I worked in the corporate sector for 4 years, then I worked with the government for 3 years and I think it was a natural progression. Once you start working in the craft sector and you understand that the skill set in this area high and there is so much demand for handcrafted products in the cities, and there are so many beautiful products you can create if you consistently work in those clusters. you get motivated to keep working in this sector and showcasing masterful creations.
Once you see that you can make a change by your contribution and collaboration with those weavers, you cannot go back because there something new to do every day.
How much support do you get from your clients in Bollywood or across the film industry when it comes to promoting the local artisans and their work?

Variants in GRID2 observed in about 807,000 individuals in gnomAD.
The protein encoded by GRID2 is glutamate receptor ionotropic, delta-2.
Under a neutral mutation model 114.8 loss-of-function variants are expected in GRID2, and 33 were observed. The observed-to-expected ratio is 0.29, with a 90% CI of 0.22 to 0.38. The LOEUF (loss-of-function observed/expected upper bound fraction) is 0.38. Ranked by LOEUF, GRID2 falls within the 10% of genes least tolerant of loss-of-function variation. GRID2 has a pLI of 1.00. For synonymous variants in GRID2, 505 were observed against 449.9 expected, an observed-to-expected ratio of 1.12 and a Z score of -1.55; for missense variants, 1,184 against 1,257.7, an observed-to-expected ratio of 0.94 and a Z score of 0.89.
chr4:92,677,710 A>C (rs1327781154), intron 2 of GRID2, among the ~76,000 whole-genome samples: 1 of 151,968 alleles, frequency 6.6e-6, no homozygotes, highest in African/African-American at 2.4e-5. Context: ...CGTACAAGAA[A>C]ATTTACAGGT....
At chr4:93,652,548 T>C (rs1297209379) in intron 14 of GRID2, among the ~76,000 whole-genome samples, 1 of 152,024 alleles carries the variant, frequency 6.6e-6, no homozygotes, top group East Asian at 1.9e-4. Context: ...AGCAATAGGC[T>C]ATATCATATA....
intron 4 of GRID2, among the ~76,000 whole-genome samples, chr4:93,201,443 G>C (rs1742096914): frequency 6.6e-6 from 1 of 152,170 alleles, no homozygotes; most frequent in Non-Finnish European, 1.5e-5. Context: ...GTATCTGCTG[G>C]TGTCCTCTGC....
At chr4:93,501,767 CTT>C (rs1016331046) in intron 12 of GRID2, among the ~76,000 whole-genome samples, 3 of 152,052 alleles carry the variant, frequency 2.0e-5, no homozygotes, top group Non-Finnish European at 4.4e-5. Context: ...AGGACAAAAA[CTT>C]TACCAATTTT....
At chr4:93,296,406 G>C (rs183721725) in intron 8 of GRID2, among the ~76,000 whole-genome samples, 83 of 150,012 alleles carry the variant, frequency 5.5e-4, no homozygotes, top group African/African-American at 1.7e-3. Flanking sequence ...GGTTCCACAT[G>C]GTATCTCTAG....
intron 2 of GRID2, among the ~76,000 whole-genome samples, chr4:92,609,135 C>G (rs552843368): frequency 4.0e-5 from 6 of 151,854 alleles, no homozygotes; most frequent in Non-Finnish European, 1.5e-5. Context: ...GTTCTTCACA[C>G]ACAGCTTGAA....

In the last few years, we have seen so many artists from Bollywood have spoken so much about handloom. They have taken it with them. So it also depends on how you create a design. If you create a contemporary design, it is the merit of design that people buy on. You buy a product only if it is attractive and you are fascinated by it. Then, it doesn’t matter whether it is handloom or not. You should not be crying handloom and people buying it. It is not a sad story. It is a beautiful story. It is a huge skill set which we are talking about. It is the heritage of our textiles. So much has gone behind creating beautiful handlooms. So whether or not a star will promote handloom depends on how beautifully we curate them. The product itself has to have the merit of attracting buyers. Purely based on the merit of the product, various celebrities who are promoting handlooms and associating themselves with them.